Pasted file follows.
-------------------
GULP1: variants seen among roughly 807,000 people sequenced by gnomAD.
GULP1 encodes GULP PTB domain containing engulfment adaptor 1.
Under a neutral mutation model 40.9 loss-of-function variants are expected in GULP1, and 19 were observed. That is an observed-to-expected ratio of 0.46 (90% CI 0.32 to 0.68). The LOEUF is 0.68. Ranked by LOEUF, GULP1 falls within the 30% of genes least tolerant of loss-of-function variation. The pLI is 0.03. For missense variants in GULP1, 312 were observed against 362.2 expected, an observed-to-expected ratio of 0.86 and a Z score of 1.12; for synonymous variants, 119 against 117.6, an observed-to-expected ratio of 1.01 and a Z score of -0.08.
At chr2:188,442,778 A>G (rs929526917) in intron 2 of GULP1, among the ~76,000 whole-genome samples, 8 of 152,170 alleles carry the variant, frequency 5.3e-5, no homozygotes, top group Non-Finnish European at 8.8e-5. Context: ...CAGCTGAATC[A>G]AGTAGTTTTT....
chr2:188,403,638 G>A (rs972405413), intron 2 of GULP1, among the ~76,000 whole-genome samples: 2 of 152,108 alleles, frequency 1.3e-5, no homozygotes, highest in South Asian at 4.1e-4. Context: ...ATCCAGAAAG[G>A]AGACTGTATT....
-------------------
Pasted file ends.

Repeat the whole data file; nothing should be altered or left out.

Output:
GULP1: variants seen among roughly 807,000 people sequenced by gnomAD.
GULP1 encodes GULP PTB domain containing engulfment adaptor 1.
Under a neutral mutation model 40.9 loss-of-function variants are expected in GULP1, and 19 were observed. That is an observed-to-expected ratio of 0.46 (90% CI 0.32 to 0.68). The LOEUF is 0.68. Ranked by LOEUF, GULP1 falls within the 30% of genes least tolerant of loss-of-function variation. The pLI is 0.03. For missense variants in GULP1, 312 were observed against 362.2 expected, an observed-to-expected ratio of 0.86 and a Z score of 1.12; for synonymous variants, 119 against 117.6, an observed-to-expected ratio of 1.01 and a Z score of -0.08.
At chr2:188,442,778 A>G (rs929526917) in intron 2 of GULP1, among the ~76,000 whole-genome samples, 8 of 152,170 alleles carry the variant, frequency 5.3e-5, no homozygotes, top group Non-Finnish European at 8.8e-5. Context: ...CAGCTGAATC[A>G]AGTAGTTTTT....
chr2:188,403,638 G>A (rs972405413), intron 2 of GULP1, among the ~76,000 whole-genome samples: 2 of 152,108 alleles, frequency 1.3e-5, no homozygotes, highest in South Asian at 4.1e-4. Context: ...ATCCAGAAAG[G>A]AGACTGTATT....